That’s right, for this stop on the tour I am sharing three cards I made for events that usually come with a wedding. What kind of cards did I make? I made a card for an engagement party, a bridal shower, and the wedding itself.

Let’s start with the Engagement card:

I have wanted to make a card like this for a long time. I I grabbed some Audrey Blue card stock and some silver glitter card stock and used a couple of dies I have in my stash to create the box and the “diamond”. Since the box is rather large I decided to keep the rest of the card simple and just stamped a sentiment from my favorite set that says: ‘Happy girls are the prettiest. – Audrey Hepburn’ (can you see what I’m doing here?!?!) and a simple congratulations on the inside. I have to admit it was my favorite out of all three cards.

Next up is the Bridal Shower card:

I had recently purchased a heavy weight vellum so I knew I wanted to make a card out of it. Using a stamp and die set I created the bride. I stamped her on white card stock and again on a textured card stock. I hand cut the dress out on the textured paper and glued it on. Since the card is translucent I added a second die cut to the back of the front flap to match the cover. Inside I placed a simple rectangle and once again stamped the word congratulations.

And lastly we have the Wedding Day card:

Trying to tie the Wedding card into the Engagement card I used the same silver glitter card stock and die cut out the phrase, ‘Mr. & Mrs’. I adhered that to the shimmery opal card stock and some die cut flowers. I added a gem to the center of each flower to add a little more interest. Since I didn’t want to use congratulations I simply stamped the phrase: Happy Wedding Day.

These cards were a lot of fun to make and very fitting for the subject of the book.

Blog Tour: Save the Date by Morgan Matson {giveaway}Save the Date by Morgan Matson
Published: June 5, 2018
Buy on Amazon
Add to Goodreads

Charlie Grant’s older sister is getting married this weekend at their family home, and Charlie can’t wait—for the first time in years, all four of her older siblings will be under one roof. Charlie is desperate for one last perfect weekend, before the house is sold and everything changes. The house will be filled with jokes and games and laughs again. Making decisions about things like what college to attend and reuniting with longstanding crush Jesse Foster—all that can wait. She wants to focus on making the weekend perfect.

The only problem? The weekend is shaping up to be an absolute disaster.

There’s the unexpected dog with a penchant for howling, house alarm that won’t stop going off, and a papergirl with a grudge.

There are the relatives who aren’t speaking, the (awful) girl her favorite brother brought home unannounced, and a missing tuxedo.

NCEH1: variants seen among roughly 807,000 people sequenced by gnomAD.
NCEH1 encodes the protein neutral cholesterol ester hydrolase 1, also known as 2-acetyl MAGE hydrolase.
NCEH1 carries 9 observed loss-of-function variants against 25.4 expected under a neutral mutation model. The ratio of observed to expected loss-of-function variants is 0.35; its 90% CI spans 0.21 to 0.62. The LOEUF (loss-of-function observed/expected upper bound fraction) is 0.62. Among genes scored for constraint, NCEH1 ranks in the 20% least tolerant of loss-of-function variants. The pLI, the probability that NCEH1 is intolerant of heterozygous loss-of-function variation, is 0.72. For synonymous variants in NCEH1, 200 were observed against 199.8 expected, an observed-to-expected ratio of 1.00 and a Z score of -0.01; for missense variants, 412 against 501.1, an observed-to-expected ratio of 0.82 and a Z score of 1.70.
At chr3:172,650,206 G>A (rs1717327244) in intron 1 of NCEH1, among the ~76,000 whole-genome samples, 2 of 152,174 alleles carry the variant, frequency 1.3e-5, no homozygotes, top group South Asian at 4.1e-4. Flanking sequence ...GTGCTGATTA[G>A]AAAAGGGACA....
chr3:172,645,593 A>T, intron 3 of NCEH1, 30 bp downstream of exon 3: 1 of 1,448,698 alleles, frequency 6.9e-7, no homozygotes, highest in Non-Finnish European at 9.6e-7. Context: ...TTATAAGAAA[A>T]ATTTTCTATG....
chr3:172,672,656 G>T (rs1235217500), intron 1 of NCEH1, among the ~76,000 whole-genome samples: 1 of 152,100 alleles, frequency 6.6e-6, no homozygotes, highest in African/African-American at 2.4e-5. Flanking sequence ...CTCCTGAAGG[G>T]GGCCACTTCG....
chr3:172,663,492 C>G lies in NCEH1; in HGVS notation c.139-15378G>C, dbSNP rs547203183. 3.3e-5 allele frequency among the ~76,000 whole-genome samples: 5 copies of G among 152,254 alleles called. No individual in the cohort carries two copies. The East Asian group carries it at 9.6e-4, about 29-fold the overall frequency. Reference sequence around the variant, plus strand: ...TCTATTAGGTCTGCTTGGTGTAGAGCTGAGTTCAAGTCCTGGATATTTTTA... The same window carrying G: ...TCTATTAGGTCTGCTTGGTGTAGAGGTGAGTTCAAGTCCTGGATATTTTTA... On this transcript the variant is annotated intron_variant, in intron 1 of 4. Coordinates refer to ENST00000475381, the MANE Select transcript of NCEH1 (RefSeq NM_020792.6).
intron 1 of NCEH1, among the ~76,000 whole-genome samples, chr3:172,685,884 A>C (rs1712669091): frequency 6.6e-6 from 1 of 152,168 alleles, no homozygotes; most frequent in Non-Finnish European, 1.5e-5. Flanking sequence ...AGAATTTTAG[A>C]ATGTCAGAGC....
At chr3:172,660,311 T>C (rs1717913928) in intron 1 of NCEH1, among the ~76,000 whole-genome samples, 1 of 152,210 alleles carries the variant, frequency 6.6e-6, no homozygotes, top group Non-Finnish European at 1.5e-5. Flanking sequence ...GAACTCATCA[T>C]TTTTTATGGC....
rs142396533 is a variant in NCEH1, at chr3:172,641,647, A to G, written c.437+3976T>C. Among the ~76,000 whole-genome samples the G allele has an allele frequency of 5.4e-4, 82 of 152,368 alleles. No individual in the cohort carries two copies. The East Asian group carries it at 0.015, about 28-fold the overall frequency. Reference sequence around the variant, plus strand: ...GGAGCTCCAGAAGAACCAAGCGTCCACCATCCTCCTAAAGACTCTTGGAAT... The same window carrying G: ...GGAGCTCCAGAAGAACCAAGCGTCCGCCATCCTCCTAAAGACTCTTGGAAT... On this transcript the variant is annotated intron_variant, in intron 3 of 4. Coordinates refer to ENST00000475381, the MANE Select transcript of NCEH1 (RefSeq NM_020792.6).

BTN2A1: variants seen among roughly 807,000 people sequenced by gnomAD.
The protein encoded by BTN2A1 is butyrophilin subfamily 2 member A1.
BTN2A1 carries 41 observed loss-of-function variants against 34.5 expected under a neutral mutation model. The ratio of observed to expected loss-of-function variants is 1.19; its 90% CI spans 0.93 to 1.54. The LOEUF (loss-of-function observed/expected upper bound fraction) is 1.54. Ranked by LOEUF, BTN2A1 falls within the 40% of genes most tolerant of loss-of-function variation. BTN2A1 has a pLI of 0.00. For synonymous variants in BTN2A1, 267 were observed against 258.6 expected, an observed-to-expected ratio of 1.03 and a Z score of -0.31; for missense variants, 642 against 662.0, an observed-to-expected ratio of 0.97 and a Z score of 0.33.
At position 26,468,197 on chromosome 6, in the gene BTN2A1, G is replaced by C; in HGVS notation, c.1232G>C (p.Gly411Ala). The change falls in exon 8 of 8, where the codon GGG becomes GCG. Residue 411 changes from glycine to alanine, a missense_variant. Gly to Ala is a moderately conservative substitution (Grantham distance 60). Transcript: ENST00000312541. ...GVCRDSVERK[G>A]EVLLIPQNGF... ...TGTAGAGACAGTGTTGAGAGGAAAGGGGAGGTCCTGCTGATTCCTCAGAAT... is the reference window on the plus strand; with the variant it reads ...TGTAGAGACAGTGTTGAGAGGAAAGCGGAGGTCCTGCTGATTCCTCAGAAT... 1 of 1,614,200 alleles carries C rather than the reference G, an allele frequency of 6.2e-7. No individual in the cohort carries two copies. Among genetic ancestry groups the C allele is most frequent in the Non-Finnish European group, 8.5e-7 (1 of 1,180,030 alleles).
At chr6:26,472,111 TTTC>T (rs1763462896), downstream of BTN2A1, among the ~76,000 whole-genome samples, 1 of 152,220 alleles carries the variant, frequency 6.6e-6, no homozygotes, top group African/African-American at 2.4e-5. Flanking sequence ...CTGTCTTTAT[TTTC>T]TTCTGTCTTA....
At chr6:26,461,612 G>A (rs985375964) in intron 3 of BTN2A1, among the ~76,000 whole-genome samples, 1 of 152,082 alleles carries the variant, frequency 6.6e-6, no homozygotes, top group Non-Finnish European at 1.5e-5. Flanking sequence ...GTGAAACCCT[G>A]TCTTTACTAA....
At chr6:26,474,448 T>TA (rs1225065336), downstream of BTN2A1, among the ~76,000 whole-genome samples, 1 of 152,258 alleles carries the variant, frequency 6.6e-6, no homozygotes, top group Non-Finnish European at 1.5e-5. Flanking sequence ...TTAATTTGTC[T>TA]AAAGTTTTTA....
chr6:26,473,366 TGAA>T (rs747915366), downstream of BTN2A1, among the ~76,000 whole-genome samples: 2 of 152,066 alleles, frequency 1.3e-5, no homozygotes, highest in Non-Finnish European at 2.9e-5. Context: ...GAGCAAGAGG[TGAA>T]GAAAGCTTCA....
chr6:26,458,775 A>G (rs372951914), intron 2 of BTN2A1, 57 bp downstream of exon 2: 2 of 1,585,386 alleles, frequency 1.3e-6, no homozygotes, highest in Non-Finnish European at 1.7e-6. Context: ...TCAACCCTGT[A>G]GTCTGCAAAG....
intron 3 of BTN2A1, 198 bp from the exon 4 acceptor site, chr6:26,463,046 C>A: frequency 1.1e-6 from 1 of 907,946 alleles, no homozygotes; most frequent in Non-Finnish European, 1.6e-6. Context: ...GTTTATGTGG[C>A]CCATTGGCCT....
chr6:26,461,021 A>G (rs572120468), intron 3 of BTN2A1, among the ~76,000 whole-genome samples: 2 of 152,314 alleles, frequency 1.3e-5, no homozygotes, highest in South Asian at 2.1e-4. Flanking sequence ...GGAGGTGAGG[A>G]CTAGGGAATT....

Not to mention the neighbor who seems to be bent on sabotage and a storm that is bent on drenching everything. The justice of the peace is missing. The band will only play covers. The guests are all crazy. And the wedding planner’s nephew is unexpectedly, distractingly…cute.

Over the course of three ridiculously chaotic days, Charlie will learn more than she ever expected about the family she thought she knew by heart. And she’ll realize that sometimes, trying to keep everything like it was in the past means missing out on the future.

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About Morgan Matson

Morgan Matson was born in New York City and grew up there and in Greenwich, Connecticut. She attended Occidental College in Los Angeles, but halfway through a theater degree, she started working in the children’s department of Vroman’s Bookstore and fell in love with YA literature.

Following college graduation (and the proud bearer of an incredibly useful theater/English degree) she received her M.F.A. in Writing for Children from The New school and worked as an editor for YA novels. She received a second M.F.A. (for reasons that made sense at the time) in Screenwriting from the University of Southern California.

Her novels have been translated into dozens of languages, and published all over the world.

Morgan’s first novel, Amy & Roger’s Epic Detour, was inspired by her love of road trips, snacks, and the quest for the perfect playlist. It was named an ALA Top Ten Best Book, a Publisher’s Weekly Flying Start book, and was shortlisted for the Waterstone’s Book Prize.

Her second novel, Second Chance Summer, was inspired by her experiences spending summers in the Pocono Mountains in Pennsylvania. It was the winner of the California Book Award (YA category) and was named to the ALA Best Fiction for Young Adults List, selected for the Oklahoma Sequoya List, and selected as a School Library Journal Best Book.

Her third novel, Since You’ve Been Gone, was published in 2014, and was a Publisher’s Weekly and international bestseller. It was named to the YALSA Teens Top Ten list, and the Eliot Rosewater Indiana High School Book Award List.

Morgan’s fourth novel, The Unexpected Everything, was published May 3rd, 2016.

She currently lives in Los Angeles with her dog, Murphy.